2. At this point we may notice the decease of several men of great public distinction. Monroe had died on the 4th of July, 1831, as we have elsewhere stated. Charles Carroll, of Carrollton, in Maryland, the last surviving signer of the Declaration of Independence, died at the great age of ninety-six.

3. In May, 1833, John Randolph, of Roanoke district, in Virginia, a descendant of Pocahontas, died at the age of sixty. He had served in Congress for thirty years, and at some periods had exercised great influence; his eccentricity of personal appearance and conduct, his bitter sarcasm and venomous wit, together with occasional flashes of eloquence, rendered him an object of mingled wonder, admiration and fear. In 1830, he was appointed minister to Russia by President Jackson. 4. In 1835, John Marshall, of Virginia, died at the age of eighty


and Black Hawk were among them.

five. He had been many years chief-justice of the United States, and enjoyed a degree of confidence and personal esteem, on the part of the people of the United States, similar to that bestowed on Washington, Jay, and a few other men of the earlier periods of our history.

5. In the autumn of 1836, about thirty Indian chiefs and warriors, of the Sacs and Foxes, with others, were taken on a visit through some of the principal cities of the United States, and at length arrived in Boston, where they were received with much ceremony. They were exhibited at the State House and Faneuil Hall, and performed a wardance on the Common. The celebrated chiefs Keokuck


2. What of Ex-president Monroe? Carroll of Carrollton? 3. John Randolph ? 4. Judge Marshal! 5. What happened in the fall of 1836? What were the names of some of

those Indians who came to Boston?

6. The latter excited great interest on account of his fine personal appearance, and his well known achievements. He had been the leader of a portion of the Winnebagoes and of the Sacs and Foxes, in a war which raged in Northern Illinois, in the year 1832. While other chief's submitted, he obstinately maintained the fight, though he was finally defeated and captured.

7. He was kept as a prisoner; but after his tour to Boston, in which he had seen the power of the whites, of which before he had no conotion, he was liberated, and, living peaceably for a time, he died in kwa in 1838.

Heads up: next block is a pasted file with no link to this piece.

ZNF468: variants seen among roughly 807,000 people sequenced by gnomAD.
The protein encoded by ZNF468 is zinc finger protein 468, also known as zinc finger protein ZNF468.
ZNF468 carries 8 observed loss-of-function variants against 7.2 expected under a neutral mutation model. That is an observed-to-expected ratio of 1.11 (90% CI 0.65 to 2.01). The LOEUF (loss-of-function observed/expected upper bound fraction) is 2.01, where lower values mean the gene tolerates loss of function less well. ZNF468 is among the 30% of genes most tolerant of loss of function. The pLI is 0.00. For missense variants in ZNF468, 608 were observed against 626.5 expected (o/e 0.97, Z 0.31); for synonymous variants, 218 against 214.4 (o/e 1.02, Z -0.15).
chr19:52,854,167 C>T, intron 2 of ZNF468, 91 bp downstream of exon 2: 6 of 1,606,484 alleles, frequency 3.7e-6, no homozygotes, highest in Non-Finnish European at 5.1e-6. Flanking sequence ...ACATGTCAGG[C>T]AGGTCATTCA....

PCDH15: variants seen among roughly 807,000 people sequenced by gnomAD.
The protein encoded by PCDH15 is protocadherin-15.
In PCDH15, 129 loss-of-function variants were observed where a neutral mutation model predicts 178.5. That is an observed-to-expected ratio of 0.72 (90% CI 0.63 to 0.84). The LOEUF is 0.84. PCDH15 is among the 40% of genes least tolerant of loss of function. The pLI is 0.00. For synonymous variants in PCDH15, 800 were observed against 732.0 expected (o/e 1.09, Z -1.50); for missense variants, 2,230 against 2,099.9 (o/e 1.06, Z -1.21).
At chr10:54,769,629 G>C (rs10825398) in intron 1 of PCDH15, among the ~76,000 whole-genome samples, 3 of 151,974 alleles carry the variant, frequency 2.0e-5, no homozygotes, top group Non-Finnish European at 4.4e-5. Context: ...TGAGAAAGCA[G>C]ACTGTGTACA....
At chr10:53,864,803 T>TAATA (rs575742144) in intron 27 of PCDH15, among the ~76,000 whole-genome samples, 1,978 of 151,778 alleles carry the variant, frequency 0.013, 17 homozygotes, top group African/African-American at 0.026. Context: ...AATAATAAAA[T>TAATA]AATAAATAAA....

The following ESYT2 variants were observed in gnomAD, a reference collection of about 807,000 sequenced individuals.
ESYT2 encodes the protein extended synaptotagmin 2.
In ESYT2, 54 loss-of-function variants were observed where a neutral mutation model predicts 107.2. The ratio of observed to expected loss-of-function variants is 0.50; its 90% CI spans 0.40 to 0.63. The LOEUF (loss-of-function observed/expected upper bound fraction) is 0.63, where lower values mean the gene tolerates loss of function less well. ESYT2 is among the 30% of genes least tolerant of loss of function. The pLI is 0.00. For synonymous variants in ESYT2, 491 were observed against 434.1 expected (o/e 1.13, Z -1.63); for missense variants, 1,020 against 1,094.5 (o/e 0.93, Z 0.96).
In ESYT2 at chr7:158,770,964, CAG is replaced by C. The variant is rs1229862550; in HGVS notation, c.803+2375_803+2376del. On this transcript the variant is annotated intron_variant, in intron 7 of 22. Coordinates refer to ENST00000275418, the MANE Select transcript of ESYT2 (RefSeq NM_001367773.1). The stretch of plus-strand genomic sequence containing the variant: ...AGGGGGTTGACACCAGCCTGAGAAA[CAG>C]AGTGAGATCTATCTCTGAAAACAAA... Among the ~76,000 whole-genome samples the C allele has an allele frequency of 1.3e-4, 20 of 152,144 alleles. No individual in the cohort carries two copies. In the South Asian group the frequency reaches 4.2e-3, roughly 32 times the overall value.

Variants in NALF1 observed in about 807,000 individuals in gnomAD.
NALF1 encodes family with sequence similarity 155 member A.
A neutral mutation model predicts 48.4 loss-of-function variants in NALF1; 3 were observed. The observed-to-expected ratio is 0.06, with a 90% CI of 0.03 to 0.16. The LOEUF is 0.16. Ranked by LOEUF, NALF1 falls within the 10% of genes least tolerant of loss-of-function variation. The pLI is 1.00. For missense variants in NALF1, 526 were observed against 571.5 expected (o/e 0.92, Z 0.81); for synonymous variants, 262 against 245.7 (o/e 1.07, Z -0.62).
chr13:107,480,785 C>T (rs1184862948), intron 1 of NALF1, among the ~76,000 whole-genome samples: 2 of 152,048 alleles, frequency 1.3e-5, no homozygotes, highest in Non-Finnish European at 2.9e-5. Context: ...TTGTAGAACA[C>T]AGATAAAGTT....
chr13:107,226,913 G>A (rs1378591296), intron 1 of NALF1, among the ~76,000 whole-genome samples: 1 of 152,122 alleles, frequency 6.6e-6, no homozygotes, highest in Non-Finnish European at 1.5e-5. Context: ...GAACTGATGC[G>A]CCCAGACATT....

JACKSON'S ADMINISTRATION, CONTINUED.-Michigan admit ted into the Union.

1. On the 25th of January, 1837, a bill, which had already passed the Senate of the United States, for the admission of Michigan to the Union as a state, passed the House of Representatives by a large majority; and, on the 26th, received the sanction of the president.

2. Michigan had contained sixty thousand inhabitants, the usual number required of a new state as one of the qualifications for admis

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sion, long before

this time, but difficulties had presented themselves which were not adjusted till now. The population, in 1837, was nearly two hundred thousand; in 1850, it was three hundred and ninetyseven thousand six hundred and fifty-four; in 1860, seven hun


dred and forty-nine thousand one hundred and thirteen.

6. 7. What of Black Hawk?

CHAP. CXCVII-1. What bill passed the Senate of the United States in 1837? 2. Pop alation of Michigan at different periods?



3. The Michigan Territory, when first discovered by the white people, was inhabited by a tribe of Indians called Hurons by the French, and Iroquois by the Indians themselves. Many of these were converted to Christianity by the assiduous labors of the Jesuit missionaries, as early as 1648. It was not, however, till 1670, that the French took possession of the territory, and built two forts, one at Detroit and another at Michilimackinac; nor was it really settled till thirty years after.

4. The progress of the settlements, under the French, was exceed ingly slow. It was not till the year 1763, when, by the treaty between Great Britain and France, it was ceded to the former, that much was done in the way of civilization and improvement. Little, indeed, was actually accomplished till after the peace of 1783, when the territory was given up by Great Britain to the United States.

5. Until about the year 1800, this territory, for the purposes of government, was considered a part of the great North-Western Territory. After Ohio, Indiana, and Illinois had been severally detached, the remainder, in 1805, became a distinct territory, of which President Jefferson made General Hull the first governor.

6. Michigan was still doomed to much suffering, especially from the war of 1812. For almost two years, nearly the whole territory was the theatre of conflict, and was necessarily exposed to the barbarity of the enemy and their Indian allies. The situation of the state, from its contiguity to the great lakes, is almost unrivalled, and Michigan thus promises to be one of the leading members of our confederacy.

8. How was it first peopled? Who converted many of the Indians? When did the French build two forts in Michigan? When was Michigan really settled? 4. When was It ceded to Great Britain? When was it given up to the United States? 5. Relate its history after the year 1800. 6. How did Michigan suffer in the war of 1812?